Thomas Moore, who wrote the beautiful hymn was one of the
strangest of all men to write hymns.
He was an Irishman, a Roman Catholic, born in Dublin, May 28,
1779. Educated at Trinity
College, Dublin, he studied law in London, but his poetical success
decided him to make literature his life-work.
This he did, with one exception.
In 1804 he went to Bermuda as a government official. But the work
was very distasteful to him, he put it into the hands of a deputy,
traveled in America, and returned to England.
The deputy however, ran away with the proceeds of a ship and
cargo, and Moore was legally liable for thirty thousand dollars!
The poet was a little man, but he was full of courage.
At one time when Jeffrey, the famous critic was harsh with his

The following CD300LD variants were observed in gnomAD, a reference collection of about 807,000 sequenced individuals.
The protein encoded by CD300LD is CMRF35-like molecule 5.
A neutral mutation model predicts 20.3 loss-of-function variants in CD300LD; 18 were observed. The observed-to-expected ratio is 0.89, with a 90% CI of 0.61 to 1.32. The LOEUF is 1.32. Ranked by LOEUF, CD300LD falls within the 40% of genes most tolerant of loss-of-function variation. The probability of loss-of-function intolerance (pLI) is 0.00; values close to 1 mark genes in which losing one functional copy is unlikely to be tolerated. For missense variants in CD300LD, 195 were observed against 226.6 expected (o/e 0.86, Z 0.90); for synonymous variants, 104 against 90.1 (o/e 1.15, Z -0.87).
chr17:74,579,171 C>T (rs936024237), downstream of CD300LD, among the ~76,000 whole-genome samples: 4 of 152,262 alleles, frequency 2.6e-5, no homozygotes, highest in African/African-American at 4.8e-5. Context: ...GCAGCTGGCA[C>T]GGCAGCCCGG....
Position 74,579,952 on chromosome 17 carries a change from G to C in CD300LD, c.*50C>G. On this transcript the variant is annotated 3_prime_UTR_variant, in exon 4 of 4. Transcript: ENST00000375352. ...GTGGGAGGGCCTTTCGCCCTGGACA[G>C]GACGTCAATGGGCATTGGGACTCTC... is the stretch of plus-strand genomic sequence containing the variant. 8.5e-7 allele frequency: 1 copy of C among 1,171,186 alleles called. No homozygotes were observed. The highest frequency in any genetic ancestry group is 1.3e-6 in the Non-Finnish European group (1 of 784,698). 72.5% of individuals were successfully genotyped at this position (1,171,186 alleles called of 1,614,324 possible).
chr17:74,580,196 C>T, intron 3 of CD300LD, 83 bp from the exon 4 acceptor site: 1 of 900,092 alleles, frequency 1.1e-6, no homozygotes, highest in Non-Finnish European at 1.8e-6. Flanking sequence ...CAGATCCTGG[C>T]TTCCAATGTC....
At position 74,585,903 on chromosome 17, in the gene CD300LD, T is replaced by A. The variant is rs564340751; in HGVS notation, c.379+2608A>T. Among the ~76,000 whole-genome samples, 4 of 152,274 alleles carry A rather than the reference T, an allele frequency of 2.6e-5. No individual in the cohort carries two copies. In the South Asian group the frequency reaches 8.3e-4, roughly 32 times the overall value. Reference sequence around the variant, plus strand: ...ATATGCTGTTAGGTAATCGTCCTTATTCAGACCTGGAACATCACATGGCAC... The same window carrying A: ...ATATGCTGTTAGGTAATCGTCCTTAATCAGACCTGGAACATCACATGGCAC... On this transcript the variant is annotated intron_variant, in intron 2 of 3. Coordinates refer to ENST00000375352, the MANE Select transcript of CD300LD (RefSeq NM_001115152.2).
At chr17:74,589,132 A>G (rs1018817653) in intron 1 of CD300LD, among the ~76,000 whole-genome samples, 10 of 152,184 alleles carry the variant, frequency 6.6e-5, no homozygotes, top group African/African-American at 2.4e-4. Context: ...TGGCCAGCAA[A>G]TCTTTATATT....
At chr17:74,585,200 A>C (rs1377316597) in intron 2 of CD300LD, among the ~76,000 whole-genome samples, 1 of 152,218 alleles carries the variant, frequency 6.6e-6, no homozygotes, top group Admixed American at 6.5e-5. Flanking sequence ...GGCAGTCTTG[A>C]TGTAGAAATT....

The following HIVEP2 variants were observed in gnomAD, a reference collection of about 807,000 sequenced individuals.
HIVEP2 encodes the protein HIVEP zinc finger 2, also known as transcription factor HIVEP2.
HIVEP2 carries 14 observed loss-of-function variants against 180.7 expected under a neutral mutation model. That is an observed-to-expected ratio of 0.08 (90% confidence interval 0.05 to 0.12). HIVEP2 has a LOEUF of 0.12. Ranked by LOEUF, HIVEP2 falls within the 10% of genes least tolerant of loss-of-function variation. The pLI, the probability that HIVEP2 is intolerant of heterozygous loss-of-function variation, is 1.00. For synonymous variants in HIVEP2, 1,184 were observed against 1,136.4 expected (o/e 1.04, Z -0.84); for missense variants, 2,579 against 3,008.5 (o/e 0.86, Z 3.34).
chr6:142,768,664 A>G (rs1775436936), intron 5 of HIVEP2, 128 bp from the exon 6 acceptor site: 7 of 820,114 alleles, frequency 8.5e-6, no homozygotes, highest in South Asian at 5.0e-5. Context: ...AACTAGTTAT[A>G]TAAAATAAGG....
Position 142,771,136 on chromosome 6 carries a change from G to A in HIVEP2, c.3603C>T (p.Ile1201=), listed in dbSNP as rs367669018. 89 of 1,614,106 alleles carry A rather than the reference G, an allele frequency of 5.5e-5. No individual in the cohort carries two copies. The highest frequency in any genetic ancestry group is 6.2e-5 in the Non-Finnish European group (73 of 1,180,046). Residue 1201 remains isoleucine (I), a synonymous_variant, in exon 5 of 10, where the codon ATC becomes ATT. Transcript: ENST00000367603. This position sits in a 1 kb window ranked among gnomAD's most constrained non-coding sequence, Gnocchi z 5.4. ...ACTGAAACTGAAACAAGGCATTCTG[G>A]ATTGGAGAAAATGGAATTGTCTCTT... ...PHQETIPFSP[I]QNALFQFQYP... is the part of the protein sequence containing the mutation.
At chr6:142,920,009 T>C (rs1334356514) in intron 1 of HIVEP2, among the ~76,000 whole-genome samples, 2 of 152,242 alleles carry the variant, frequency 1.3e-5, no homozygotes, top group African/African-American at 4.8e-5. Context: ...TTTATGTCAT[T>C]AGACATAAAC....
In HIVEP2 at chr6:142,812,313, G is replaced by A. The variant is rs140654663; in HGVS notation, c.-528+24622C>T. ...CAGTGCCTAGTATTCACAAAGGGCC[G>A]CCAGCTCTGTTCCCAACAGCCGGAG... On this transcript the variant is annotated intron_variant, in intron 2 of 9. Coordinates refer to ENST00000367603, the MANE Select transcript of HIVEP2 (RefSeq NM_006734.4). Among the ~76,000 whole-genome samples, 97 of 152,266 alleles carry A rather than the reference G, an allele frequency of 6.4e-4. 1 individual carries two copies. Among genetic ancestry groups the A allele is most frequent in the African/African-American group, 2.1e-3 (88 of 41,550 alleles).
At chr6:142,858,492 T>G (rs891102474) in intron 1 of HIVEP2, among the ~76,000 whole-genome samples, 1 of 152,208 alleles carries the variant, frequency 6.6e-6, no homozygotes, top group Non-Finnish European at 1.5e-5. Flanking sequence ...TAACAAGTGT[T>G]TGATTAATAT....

poems, Moore challenged him to a duel.
The police broke in just in time, but it was discovered that one
of the pistols had no bullet in it!
Jeffrey and Moore became fast friends.
The last three years of his life were sad ones, for he lost his
mental powers and required his wife’s constant care.
He died in his seventy-third year, February 26, 1852.
—Amos R. Wells
Come, Ye Disconsolate
Come, ye disconsolate, where’er ye languish,
to the mercy seat fervently kneel;
bring your wounded hearts, here tell your anguish,
has no sorrows that heav’n cannot heal.
Joy of the desolate, light of the straying,
of the penitent, fadeless and pure,
speaks the Comforter, in mercy saying
has no sorrows that heaven cannot cure.”
Here see the Bread of life, see waters flowing
from the throne of God, boundless in love;
to the feast prepared, come, ever knowing
has no sorrows but heaven can remove.
Paul, Steve Green’s MIDI Hymnal, (Oak Harbor, WA: Logos
Research Systems, Inc.) 1998.